Following the close of the 89-day session of the Montana Legislature in late April, triggers were implemented to cut the budget. The Legislature passed through the bill and the Budget Stabilization Act set out a planned pathway of budget reductions if revenues failed to meet expectations. All four triggers were pulled but revenues continue to fall short to meet the state’s balanced budget including an ending fund surplus. At that point, statute required the governor to order all departments to contemplate a 10 percent reduction in their respective departments. Some services are protected by statute. For example, the judiciary, and sections of K-12 education including state funding per student cannot be part of the reduction plan. Following that procedure, hearings were held in the Interim Finance Committee. The proposed 10 percent cuts followed the cuts already imposed by the triggers from the bill. Most attendees objected to the scope and selection of services being cut within the 10 percent reduction. Especially hit hard is the Department of Health and Human Services (DPHHS) which provides programs including Child Protective Services, senior care and mental health counseling, to mention but a few.
Why are revenues down? The most obvious reason includes lagging collections of personal and corporate income taxes, a continuing lull in energy commodity receipts, a weakened agriculture sector, and the fire season. Our current revenue malaise may also suggest that elements of our sources for revenue are antiquated requiring fundamental changes to better take advantage of our economy. But this is a subject for the next Legislature to tackle. For now, the question beckons, “Are additional revenues needed to address the shortfalls and proposed reduction in services?”
As you can imagine, there is not consensus to the solution to the revenue shortfall. Some have suggested that the state take “the tightening of the belt method,” cutting bureaucracy that would leave the most vulnerable immune from loss of services. This sector of the Legislature is convinced that there is waste and some within this sector have accused the Bullock administration of purposely proposing cuts to essential services to raise taxes. They conclude that cutting a high volume of unnecessary bureaucracy is being ignored.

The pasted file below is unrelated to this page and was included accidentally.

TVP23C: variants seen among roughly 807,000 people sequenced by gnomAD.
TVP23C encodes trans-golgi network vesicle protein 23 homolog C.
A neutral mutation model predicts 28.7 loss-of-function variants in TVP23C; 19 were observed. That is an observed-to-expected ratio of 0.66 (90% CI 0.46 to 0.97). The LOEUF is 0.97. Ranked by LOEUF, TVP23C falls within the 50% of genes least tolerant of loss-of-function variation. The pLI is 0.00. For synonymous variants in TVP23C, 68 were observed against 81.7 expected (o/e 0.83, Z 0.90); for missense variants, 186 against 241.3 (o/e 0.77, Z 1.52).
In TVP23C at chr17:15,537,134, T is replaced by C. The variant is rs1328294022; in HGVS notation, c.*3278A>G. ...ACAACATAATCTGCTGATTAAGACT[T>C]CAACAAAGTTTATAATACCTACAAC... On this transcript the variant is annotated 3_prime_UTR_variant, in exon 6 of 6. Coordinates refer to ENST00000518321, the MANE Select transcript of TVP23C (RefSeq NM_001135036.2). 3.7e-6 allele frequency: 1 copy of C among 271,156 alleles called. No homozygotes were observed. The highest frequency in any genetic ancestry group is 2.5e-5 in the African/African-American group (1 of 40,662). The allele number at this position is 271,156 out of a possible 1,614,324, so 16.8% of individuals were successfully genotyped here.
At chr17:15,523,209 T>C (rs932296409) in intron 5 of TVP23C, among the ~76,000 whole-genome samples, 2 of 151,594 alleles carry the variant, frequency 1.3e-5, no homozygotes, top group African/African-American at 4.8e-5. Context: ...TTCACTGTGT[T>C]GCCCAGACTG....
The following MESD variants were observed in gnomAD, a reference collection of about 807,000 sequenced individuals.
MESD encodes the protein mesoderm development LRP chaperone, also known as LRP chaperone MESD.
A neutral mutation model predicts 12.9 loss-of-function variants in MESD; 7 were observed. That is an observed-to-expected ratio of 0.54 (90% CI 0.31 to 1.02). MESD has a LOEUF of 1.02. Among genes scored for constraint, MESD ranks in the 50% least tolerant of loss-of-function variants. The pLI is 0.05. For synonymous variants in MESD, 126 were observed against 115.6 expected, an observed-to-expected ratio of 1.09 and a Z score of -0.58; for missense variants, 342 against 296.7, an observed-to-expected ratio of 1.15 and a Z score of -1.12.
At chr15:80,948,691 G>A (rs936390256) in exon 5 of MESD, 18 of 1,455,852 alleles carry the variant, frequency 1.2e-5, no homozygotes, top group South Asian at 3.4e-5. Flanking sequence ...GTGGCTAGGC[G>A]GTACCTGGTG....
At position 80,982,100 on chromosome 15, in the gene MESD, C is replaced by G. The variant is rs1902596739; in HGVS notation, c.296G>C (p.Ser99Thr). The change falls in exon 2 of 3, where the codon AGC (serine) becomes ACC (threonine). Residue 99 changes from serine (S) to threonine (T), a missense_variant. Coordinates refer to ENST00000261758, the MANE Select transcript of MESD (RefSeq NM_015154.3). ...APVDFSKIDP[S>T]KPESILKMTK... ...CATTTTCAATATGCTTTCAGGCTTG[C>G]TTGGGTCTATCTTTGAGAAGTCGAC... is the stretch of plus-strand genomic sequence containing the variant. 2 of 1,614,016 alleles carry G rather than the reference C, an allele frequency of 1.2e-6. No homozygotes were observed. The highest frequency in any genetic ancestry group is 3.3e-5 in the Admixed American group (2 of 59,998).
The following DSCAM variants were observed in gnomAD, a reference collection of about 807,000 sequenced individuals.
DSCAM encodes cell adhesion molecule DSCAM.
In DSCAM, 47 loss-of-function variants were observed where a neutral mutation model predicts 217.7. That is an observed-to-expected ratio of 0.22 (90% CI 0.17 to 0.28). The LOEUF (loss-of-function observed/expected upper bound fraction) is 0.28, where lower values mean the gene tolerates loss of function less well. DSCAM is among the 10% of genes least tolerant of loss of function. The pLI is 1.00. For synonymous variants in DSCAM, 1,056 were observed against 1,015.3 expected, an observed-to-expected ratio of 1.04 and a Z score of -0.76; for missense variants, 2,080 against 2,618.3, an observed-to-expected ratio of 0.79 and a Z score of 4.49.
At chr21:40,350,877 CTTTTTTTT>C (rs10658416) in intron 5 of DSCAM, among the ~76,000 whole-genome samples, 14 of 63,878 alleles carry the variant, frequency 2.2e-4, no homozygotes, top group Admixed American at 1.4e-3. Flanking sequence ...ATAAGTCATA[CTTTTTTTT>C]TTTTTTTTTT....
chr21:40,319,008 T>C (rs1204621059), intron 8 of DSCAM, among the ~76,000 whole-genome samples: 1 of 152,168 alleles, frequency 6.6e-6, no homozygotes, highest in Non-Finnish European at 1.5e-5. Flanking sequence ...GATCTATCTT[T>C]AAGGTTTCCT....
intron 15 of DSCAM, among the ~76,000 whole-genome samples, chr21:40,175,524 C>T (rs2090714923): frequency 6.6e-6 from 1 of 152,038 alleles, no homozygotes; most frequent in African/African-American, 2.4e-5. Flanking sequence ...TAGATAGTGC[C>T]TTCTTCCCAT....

Another sector of legislators believe that it is simply impossible to make such extensive cuts without harm (impacts upon services to the vulnerable population). This sector looks to a combination of “belt tightening” and new revenue to lessen the cuts. One method of building consensus within this sector might include an injection of $75-$85 million into the depleted fire fund. Such an act would have a positive effect on other programs including those within DPHHS. I would consider myself a member of this sector of legislators. I have seen no evidence that the selection of cuts is a ploy to raise taxes. I believe there is a degree of waste and bureaucracy, but discovery of such admonishments will not alone solve the shortfalls.
If a critical mass of senators and representatives are comfortable with the combination of cutting and new revenues, there will be rationale for the calling of a special legislative session to mitigate the shortfall. It is the role of the executive session and majority and minority to leadership to communicate and determine if there is support for a session. This process is occurring. I think we will meet. The next revenue estimate occurs soon and this should provide more certainty as to future collections. Even if collection improves, we are deep in the hole, people will suffer and that fact justifies a special session.
Democrat Dave Fern is a Montana House representative from Whitefish.
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